The world is a well-connected place these days. The internet has played a big role in shrinking borders, as much as some people hate that fact. Information can be shared with anyone and everyone, whether you want it to be or not. The idea of any piece of information getting lost these days is ludicrous. Sure, there are long lost movies on 9mm film out there, hidden in some vault or maybe even grandpa’s attic. But that stuff’s from decades ago. That can’t happen in this day and age, surely?

Well, the incredibly obvious lead-up indicates that yes, yes it can happen.

In 2007, Francisco Perez and his game company, Legend Studios, (probably) released a game called Shadows of War: The Spanish Civil War. To my knowledge, it’s one of only two video games ever made about the Spanish Civil War (the second being Espana 1936), and the only game that lets you play as a fascist soldier. That’s right, Shadows of War let you pick your side in the conflict, and one of those sides was the Nazi Germany backed Fascist party of Spain.

As you can imagine, this drew a lot of criticism. “It is not a historical event buried in the past,” Carlota Leret said, “but is very fresh in the memory of Spaniards. There is no justification for trivializing the killings and the suffering and pain of the victims when we still haven’t reconciled ourselves with the past.” Carlota Leret is the daughter of Virgilio Leret Ruiz, the first man Fascist leader and future Spanish dictator Francisco Franco had executed in 1936.

Manuel Contreras, a writer for the newspaper ABC in Spain, said that the game will “fuel political conflict and reinforce the split between the two Spains,” whatever that means, and that the game “will trivialize the drama of the civil war and dissipate its legacy of horror.”

For his part, Perez said the game was meant to be an educational tool. “As well as being entertaining, it could serve to remind people that they need to be conscious of past events to make sure they are not repeated.” In another article for The New York Times, Perez also says “There are a lot of young people in [Spain] who don’t know much about the war and this is an opportunity for them to learn.”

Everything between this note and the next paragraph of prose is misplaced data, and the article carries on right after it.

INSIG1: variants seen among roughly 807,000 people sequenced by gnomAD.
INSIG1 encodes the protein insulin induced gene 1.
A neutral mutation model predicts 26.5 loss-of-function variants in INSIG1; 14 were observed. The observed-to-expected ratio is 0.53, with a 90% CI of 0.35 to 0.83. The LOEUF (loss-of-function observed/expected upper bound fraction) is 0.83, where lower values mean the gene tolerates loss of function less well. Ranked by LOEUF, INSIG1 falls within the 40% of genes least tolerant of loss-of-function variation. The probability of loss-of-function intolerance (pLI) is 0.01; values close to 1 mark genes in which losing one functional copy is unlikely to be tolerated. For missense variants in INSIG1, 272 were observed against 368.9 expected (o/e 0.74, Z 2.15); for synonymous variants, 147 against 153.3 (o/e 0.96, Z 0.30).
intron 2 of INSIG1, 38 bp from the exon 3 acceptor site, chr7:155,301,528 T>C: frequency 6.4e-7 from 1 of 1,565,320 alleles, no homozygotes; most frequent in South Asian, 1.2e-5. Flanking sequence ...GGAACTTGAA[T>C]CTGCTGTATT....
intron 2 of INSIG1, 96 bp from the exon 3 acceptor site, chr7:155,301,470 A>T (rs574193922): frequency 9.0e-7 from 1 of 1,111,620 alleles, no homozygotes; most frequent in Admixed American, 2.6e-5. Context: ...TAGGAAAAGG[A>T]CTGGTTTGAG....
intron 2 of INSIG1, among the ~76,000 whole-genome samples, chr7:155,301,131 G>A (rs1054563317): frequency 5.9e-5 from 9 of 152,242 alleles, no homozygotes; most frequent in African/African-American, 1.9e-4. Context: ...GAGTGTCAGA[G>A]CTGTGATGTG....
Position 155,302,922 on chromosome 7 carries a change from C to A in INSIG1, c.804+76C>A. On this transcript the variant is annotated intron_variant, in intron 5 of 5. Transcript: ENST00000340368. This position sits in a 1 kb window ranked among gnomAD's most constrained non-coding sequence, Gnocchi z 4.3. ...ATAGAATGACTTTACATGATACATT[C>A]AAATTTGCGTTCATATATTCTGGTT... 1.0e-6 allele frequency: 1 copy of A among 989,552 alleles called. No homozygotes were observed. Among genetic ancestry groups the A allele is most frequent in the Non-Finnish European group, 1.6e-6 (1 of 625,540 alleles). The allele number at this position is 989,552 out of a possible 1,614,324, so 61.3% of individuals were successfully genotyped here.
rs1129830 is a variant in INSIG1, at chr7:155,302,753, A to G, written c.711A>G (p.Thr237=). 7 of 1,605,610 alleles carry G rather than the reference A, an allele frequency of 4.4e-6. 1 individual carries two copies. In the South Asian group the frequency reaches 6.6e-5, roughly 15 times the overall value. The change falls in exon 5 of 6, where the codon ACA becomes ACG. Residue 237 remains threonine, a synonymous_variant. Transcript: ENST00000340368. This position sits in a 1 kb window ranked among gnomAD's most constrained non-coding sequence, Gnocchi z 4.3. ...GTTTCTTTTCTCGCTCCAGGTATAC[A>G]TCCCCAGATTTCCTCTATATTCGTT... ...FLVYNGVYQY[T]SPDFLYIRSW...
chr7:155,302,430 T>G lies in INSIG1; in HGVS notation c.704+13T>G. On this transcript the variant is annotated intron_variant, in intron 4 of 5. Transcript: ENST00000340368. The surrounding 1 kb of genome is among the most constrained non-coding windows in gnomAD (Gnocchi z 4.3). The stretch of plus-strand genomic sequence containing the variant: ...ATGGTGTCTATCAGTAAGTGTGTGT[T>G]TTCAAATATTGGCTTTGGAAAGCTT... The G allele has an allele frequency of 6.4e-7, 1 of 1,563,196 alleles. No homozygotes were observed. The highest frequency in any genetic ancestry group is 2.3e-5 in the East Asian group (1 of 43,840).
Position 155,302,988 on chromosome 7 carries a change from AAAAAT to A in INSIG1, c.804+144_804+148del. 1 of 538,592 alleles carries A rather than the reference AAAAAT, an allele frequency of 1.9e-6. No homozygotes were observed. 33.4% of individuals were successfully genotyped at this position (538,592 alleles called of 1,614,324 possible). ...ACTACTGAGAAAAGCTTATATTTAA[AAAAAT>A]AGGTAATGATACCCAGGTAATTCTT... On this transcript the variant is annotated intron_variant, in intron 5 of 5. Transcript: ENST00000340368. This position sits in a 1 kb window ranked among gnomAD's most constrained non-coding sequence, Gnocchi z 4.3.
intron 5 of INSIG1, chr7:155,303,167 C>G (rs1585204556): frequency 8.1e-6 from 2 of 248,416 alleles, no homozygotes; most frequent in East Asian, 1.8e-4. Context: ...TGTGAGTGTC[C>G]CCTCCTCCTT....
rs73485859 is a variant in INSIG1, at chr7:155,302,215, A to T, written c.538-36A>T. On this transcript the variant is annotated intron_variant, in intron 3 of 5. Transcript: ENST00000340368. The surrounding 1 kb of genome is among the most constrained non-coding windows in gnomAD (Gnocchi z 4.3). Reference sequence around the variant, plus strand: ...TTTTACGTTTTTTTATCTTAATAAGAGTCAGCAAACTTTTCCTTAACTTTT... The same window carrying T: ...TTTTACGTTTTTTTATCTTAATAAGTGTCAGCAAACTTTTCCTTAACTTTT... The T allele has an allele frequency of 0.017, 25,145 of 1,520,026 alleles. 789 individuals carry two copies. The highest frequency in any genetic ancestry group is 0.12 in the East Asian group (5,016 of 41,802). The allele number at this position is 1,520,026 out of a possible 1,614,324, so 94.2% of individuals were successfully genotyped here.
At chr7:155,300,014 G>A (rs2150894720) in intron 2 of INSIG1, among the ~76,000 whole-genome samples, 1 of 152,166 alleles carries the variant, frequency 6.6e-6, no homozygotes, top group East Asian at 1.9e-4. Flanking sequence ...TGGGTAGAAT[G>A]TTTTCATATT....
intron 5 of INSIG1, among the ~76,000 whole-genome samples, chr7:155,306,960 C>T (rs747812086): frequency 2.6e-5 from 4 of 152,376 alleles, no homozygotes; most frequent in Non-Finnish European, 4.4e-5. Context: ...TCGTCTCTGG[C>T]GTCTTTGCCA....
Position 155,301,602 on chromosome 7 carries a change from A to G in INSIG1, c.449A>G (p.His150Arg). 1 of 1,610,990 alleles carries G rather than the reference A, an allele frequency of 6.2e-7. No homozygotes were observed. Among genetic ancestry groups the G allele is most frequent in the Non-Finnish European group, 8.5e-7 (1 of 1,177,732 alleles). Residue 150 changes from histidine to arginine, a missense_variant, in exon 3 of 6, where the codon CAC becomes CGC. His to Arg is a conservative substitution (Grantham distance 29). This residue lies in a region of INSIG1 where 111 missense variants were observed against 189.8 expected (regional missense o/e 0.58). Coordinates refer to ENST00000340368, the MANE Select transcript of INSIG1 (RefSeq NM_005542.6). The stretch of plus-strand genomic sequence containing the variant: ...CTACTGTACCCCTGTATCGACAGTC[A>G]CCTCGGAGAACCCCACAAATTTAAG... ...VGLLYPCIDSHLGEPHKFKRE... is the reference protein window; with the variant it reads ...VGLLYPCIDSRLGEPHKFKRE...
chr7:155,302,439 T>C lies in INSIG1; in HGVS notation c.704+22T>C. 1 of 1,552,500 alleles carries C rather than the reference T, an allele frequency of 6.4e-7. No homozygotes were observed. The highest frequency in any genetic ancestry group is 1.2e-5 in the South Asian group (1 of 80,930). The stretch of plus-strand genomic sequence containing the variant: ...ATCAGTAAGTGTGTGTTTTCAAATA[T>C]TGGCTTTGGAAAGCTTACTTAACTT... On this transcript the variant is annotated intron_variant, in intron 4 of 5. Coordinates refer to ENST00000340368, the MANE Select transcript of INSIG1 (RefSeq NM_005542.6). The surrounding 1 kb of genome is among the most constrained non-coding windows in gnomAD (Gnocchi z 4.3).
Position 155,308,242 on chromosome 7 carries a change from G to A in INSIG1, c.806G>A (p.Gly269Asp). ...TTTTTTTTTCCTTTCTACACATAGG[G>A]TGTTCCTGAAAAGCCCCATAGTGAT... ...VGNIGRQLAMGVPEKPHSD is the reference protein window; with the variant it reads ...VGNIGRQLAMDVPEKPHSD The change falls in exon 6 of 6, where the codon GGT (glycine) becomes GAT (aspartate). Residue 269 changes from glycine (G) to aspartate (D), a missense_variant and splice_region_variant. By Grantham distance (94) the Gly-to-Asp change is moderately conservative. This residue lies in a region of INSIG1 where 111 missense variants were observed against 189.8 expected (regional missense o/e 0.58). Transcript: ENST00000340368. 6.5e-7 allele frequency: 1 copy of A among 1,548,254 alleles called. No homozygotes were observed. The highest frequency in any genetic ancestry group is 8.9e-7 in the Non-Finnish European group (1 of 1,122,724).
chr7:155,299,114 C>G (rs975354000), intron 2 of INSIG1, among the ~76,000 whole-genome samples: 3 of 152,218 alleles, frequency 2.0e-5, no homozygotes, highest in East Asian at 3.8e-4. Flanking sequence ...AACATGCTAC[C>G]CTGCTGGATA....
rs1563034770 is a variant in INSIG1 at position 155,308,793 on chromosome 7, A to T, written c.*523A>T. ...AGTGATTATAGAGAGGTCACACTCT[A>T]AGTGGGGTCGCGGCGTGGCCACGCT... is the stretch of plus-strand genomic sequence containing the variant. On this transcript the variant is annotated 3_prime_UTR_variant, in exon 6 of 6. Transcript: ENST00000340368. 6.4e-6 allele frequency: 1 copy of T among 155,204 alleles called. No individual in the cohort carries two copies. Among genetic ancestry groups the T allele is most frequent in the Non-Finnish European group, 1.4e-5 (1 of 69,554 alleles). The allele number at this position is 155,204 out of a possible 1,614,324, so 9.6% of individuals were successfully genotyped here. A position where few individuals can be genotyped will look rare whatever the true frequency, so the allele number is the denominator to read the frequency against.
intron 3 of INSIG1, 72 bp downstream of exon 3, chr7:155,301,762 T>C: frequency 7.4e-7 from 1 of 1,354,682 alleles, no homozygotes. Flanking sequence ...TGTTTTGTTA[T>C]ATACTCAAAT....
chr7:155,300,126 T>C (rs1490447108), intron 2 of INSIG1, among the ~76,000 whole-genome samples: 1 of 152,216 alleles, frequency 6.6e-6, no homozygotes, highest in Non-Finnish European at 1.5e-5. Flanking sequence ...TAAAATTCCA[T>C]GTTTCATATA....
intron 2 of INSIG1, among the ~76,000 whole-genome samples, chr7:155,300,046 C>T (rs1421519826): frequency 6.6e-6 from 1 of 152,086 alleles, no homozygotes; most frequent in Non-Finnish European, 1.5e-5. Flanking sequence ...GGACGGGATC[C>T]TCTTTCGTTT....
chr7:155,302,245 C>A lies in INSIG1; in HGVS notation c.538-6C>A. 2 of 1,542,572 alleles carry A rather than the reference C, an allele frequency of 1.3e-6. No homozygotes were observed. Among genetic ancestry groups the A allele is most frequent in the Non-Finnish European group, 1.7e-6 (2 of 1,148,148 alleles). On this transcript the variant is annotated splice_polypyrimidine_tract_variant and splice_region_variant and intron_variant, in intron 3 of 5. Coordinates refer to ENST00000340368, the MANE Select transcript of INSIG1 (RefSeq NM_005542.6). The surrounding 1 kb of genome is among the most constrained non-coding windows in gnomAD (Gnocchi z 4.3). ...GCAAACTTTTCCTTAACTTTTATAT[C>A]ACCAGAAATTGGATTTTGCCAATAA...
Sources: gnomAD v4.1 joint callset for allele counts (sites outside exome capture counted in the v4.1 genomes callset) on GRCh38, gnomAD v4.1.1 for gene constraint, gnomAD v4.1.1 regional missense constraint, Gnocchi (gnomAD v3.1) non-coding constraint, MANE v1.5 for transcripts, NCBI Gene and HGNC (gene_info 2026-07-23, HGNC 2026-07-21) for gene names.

Espana 1936

I have to say, I respectfully disagree with the position of both Leret and Contreras. According to an article in The Guardian Leret’s father is mentioned in the game, and it doesn’t seem like neither she nor her family was consulted on that. Her family didn’t need to be consulted, Virgilio Leret Ruiz is a public figure, but it likely rubbed some people the wrong way. But both she and Contreras are criticizing a game they know nothing about. The interview with those two was published days before the game was supposed to release, so they likely hadn’t played it. How can you criticize a game for trivializing a war before it’s even been released?

This reeks of a time when video games were still being condemned simply for being video games. That all video games were like Duke Nukem 3D or Carmageddon – mockeries of real life whose tongues were planted firmly in their cheek and could be labeled anything under the sun but ‘respectful.’ But by 2007, gaming had changed.

When Leret says the Spanish people “haven’t reconciled ourselves with the past,” that’s the point of the game. Culture, pop-culture in particular, often brings people together and forces a discussion on certain topics – the game already succeeded at doing that by starting this conversation. Does the game need to allow you to play as the Fascists to do that? No, but it does show the conflict from both perspectives, and the game doesn’t have to make them out to be sympathetic in order to do that.

Espana 1936

You may notice I’m speaking in hypotheticals a lot throughout this article. The reason for that is because this game doesn’t actually seem to exist. There are only four articles on the internet talking about Shadows of War – the Guardian and New York Times articles talking about the controversy, a Destructoid article re-iterating the talking points of those two, and a Spanish website talking about Legend Studios next game that briefly mentions Shadows of War.

None of these articles contain any video clips or screenshots of the game, and Google searches reveal nothing but the latest Middle-Earth game. I couldn’t even find any information about Fransisco Perez, other than that he also worked on War Times in 2004 and Murder in the Abbey in 2008, corroborated by that Spanish article. It’s like this game never existed in the first place. If I didn’t know better, I’d say this whole thing was some faked publicity stunt run by a gaming company in an effort to drum up some interest.

If you have any information about this game, please find a contact address in the video above. This historical game – if it was ever even released – needs to be preserved. It doesn’t matter if the game is any good or not, what matters is that it’s available for all to say and learn from. That’s what history in gaming is all about.

About the Author

Josh Griffiths

Josh Griffiths is a writer and amateur historian. He has a passion for 3D platformers, narrative-driven games, and books. Josh is also Cliqist’s video producer. He’s currently working on his first novel, and will be doing so on and off for the next decade.

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